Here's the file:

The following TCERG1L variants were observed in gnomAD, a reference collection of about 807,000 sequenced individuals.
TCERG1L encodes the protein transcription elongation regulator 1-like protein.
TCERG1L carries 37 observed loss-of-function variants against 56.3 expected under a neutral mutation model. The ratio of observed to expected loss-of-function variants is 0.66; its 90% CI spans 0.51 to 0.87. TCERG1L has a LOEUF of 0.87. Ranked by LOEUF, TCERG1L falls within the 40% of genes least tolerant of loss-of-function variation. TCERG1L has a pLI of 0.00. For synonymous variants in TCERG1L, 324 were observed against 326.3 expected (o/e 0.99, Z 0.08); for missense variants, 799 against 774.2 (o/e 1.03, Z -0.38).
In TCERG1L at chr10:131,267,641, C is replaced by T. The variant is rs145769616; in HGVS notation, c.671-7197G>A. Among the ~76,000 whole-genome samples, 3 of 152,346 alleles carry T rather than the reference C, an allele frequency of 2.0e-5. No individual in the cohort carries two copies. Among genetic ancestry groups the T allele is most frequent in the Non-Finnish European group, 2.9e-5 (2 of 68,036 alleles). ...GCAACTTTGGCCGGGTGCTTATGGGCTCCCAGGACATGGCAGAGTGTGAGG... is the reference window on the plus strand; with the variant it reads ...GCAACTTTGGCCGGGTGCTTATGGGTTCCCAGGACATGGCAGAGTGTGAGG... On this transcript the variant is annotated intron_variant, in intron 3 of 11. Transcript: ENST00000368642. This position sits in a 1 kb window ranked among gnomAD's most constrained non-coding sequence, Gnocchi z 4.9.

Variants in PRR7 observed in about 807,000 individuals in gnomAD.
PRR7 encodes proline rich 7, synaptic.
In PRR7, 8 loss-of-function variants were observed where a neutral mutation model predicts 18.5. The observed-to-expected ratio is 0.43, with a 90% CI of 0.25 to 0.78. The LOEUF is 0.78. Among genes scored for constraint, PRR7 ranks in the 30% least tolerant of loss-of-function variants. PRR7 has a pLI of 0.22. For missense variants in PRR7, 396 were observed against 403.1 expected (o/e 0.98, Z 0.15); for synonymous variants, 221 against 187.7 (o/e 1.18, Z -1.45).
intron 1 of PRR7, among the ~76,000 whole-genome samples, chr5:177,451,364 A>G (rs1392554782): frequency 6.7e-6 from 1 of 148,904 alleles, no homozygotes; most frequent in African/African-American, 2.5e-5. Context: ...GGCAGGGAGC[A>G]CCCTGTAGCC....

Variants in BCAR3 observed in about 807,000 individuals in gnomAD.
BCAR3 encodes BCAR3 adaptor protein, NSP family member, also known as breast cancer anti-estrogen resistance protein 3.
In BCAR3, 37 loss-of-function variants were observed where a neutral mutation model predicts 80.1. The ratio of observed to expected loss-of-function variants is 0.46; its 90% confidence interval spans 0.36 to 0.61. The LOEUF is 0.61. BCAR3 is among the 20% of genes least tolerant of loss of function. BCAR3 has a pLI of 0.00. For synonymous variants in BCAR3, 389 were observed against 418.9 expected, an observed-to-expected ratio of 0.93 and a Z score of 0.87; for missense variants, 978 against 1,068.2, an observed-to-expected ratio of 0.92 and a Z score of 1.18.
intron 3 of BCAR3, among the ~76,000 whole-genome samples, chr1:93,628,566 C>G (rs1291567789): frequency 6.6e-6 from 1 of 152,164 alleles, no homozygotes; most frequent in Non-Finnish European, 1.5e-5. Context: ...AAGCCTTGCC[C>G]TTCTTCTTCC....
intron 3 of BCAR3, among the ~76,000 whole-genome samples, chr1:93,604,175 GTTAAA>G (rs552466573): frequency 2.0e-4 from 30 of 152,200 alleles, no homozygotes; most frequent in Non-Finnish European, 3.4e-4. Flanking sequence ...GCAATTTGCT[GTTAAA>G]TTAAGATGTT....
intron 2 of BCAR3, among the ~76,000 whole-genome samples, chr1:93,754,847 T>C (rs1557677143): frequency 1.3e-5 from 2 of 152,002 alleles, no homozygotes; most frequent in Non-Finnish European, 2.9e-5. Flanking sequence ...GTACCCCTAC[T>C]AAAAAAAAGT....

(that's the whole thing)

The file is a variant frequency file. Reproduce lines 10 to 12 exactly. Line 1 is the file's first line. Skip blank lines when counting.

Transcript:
BCAR3 encodes BCAR3 adaptor protein, NSP family member, also known as breast cancer anti-estrogen resistance protein 3.
In BCAR3, 37 loss-of-function variants were observed where a neutral mutation model predicts 80.1. The ratio of observed to expected loss-of-function variants is 0.46; its 90% confidence interval spans 0.36 to 0.61. The LOEUF is 0.61. BCAR3 is among the 20% of genes least tolerant of loss of function. BCAR3 has a pLI of 0.00. For synonymous variants in BCAR3, 389 were observed against 418.9 expected, an observed-to-expected ratio of 0.93 and a Z score of 0.87; for missense variants, 978 against 1,068.2, an observed-to-expected ratio of 0.92 and a Z score of 1.18.
intron 3 of BCAR3, among the ~76,000 whole-genome samples, chr1:93,628,566 C>G (rs1291567789): frequency 6.6e-6 from 1 of 152,164 alleles, no homozygotes; most frequent in Non-Finnish European, 1.5e-5. Context: ...AAGCCTTGCC[C>G]TTCTTCTTCC....